Published on January 25, 2022.

Thinking about Generosity

One day last spring I looked out my window and saw a woman walking toward my house with two dogs. I assumed she thought our long driveway was a road and went outside to talk to her.

I found out that her name is Aileen and that she is a Baptist minister. When she asked what I did, I told her I worked for social justice and had founded Spirit in Action to train people to organize and lead a social justice movement. She smiled like she had just heard good news, and pointed to one of her beagles. “That’s Georgia Peach,” she told me, and explained that the new puppy was named in honor of the recent elections in Georgia that brought two democratic senators from the state into Congress. I laughed. I had opened myself up to a stranger and found we had an instant connection.

Aileen lives a couple of streets away from me and now we visit regularly. We love that we were brought together in such a serendipitous way and became immediate best friends!

How Generosity Begins

Her church rents their worship space and has raised enough money to build themselves a new church. But Aileen and her congregation has decided instead to use the money to create low-income housing. They also currently support several immigrant and people of color families in every way – financially, tutoring the children and driving them where they need to go. They collected more than 100 long-sleeved shirts last June so that Bethsaida and I could distribute them among immigrant workers communities in eastern North Carolina. (These were groups that are part of our TAKE 10 training and you may remember that we interviewed them over the summer.)

When we were talking the other day, I wondered if her church might be able to help out new friends of mine – a low-income family that lives down the road from us. I said something about all the charity work her church does and Aileen said firmly, “It’s not charity, it’s reparations.”

How They Make Reparations

Aileen said that if God gives us resources, so that we have everything we need and even more, giving away what we don’t need is what we are supposed to do. Yes, I thought to myself: It’s not poor people who ought to be giving – even though they are the greatest givers, per household income – but it’s people who have what they need who should be giving more. That’s reparations.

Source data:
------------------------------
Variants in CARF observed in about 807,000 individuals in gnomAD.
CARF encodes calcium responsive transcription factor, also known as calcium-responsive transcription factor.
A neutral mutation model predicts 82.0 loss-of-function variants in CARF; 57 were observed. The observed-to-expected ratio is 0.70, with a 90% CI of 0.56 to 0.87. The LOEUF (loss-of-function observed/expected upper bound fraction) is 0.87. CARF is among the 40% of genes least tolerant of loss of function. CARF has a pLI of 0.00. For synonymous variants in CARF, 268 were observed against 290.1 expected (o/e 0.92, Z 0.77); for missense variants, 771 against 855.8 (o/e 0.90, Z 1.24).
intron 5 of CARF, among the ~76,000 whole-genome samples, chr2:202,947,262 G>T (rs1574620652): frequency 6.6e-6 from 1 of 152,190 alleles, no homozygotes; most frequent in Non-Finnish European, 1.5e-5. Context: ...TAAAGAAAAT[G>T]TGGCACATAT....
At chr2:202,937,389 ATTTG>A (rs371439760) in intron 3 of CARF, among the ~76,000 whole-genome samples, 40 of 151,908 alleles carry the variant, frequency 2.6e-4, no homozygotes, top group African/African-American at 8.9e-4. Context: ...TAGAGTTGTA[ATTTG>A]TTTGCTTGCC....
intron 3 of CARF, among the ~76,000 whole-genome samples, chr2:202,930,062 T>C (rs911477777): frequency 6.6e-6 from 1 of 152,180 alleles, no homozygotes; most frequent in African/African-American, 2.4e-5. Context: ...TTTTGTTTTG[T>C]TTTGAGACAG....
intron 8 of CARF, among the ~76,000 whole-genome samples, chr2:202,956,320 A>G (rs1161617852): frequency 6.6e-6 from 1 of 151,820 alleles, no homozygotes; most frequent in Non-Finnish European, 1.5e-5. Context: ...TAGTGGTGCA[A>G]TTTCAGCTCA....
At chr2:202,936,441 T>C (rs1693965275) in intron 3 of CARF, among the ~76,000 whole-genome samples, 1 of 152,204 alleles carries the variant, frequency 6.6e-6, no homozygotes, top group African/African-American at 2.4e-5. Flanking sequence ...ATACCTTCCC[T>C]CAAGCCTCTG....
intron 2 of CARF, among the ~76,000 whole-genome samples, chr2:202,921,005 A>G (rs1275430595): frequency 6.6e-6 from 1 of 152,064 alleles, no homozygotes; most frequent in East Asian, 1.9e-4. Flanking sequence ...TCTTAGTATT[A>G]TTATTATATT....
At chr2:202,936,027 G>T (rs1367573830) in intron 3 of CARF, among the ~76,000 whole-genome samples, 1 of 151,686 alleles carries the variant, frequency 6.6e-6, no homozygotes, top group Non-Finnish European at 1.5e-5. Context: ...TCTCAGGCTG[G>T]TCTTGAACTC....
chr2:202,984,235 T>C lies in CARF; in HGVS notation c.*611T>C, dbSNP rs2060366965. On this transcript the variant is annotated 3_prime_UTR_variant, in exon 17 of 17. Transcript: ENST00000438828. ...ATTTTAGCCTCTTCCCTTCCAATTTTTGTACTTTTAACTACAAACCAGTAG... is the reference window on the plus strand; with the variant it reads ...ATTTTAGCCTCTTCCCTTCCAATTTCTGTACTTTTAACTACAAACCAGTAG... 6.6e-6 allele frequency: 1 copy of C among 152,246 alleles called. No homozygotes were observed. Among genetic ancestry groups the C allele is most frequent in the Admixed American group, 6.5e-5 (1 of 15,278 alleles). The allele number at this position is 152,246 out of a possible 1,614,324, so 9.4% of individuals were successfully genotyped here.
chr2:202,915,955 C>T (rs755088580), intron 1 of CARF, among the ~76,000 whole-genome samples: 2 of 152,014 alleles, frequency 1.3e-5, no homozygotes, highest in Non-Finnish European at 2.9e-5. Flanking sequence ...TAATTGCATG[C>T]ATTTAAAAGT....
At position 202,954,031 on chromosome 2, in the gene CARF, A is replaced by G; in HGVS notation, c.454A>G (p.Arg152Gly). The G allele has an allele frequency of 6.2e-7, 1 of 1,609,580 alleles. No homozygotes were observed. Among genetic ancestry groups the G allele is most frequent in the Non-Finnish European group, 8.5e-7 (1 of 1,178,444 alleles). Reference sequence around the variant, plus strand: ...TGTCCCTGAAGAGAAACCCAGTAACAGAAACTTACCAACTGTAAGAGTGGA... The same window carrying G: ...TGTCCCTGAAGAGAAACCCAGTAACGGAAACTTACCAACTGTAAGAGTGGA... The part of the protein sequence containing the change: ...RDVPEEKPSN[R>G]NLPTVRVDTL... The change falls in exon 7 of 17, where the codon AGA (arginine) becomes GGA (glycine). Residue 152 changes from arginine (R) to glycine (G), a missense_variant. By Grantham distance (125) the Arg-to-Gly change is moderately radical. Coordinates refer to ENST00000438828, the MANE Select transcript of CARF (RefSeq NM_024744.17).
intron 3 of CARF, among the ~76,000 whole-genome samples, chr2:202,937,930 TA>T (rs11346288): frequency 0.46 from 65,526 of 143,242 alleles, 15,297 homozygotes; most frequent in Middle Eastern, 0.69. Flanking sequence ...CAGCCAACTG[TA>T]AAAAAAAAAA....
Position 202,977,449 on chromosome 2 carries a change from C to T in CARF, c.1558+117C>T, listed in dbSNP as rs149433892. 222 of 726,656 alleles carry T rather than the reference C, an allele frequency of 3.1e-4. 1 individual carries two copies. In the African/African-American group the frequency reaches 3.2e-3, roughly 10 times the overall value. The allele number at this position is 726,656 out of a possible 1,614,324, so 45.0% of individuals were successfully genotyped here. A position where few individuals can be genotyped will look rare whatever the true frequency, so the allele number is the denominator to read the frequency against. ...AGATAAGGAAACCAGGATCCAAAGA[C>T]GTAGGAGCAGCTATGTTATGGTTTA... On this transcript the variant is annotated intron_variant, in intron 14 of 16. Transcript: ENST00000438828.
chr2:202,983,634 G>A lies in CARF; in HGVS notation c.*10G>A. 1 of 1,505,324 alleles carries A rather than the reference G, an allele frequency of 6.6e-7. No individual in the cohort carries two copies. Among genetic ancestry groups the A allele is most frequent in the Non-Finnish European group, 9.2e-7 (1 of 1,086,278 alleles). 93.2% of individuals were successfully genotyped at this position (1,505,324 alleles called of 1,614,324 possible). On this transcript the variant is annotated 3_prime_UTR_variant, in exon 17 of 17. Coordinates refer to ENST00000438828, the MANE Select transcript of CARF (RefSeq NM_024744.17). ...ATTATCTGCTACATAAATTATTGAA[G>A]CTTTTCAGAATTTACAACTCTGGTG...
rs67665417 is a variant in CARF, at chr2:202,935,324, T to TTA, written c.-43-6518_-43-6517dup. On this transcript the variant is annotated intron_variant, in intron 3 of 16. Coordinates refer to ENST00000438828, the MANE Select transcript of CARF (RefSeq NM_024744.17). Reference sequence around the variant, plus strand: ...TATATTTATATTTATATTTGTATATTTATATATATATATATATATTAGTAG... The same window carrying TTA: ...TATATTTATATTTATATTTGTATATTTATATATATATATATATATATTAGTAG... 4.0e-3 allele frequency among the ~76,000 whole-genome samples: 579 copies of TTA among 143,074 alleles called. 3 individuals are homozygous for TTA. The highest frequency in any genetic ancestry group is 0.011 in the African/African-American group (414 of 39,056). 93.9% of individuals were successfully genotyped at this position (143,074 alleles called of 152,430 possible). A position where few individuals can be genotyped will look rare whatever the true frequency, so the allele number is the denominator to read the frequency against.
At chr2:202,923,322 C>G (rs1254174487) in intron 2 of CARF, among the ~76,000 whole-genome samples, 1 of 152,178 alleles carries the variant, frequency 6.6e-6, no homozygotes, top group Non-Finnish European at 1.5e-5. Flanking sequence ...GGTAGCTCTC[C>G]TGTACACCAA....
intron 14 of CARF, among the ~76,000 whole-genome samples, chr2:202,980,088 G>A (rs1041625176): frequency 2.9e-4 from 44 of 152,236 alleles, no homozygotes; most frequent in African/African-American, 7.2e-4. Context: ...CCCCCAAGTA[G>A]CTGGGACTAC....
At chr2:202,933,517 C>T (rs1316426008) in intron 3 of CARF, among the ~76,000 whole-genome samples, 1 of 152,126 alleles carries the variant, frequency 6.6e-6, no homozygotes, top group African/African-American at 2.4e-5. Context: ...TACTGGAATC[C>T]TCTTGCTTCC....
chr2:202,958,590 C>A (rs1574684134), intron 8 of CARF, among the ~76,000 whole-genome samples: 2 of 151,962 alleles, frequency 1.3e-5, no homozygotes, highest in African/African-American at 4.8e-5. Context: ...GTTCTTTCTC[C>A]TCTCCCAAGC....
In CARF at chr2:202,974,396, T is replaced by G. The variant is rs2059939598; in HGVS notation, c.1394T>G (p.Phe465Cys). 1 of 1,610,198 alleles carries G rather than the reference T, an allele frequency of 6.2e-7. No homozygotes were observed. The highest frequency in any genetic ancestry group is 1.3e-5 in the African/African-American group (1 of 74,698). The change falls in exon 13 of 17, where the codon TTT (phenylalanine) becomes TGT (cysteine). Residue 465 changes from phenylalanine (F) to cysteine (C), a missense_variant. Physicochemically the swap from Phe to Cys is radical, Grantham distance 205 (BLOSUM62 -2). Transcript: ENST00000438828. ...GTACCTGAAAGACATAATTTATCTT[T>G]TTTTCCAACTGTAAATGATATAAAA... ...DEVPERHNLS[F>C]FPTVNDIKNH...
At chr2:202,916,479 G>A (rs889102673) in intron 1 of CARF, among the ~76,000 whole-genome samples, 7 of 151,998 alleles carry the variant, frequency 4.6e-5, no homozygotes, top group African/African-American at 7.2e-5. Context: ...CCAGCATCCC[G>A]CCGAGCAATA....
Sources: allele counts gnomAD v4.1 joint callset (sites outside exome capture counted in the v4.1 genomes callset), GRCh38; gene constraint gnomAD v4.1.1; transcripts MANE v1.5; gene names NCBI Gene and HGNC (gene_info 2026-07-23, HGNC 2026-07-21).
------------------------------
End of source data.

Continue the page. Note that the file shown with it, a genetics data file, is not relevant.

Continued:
Reparations means not just an accounting for the horrors of slavery, but the systemic poverty and disenfranchisement that people have suffered as a result. Wealth given to charities isn’t always directed to the right people!

It makes me think of an elderly friend of mine who was really fretting and struggling to define what real reparations would mean, and what it would take to make reparations, before she died. This is a woman who was very wealthy and though she had profited from slavery and the poverty and low-incomes of workers, she lived frugally and shared freely. She gave away half of her property and most of her money. Her children have continued her legacy of giving to progressive causes.

After talking with Aileen, and thinking about how she defines reparations, I would say to my elderly friend today, “You were making reparations your whole life through your endless generosity.” I think it would be an eye-opening moment for her, as it was for me.

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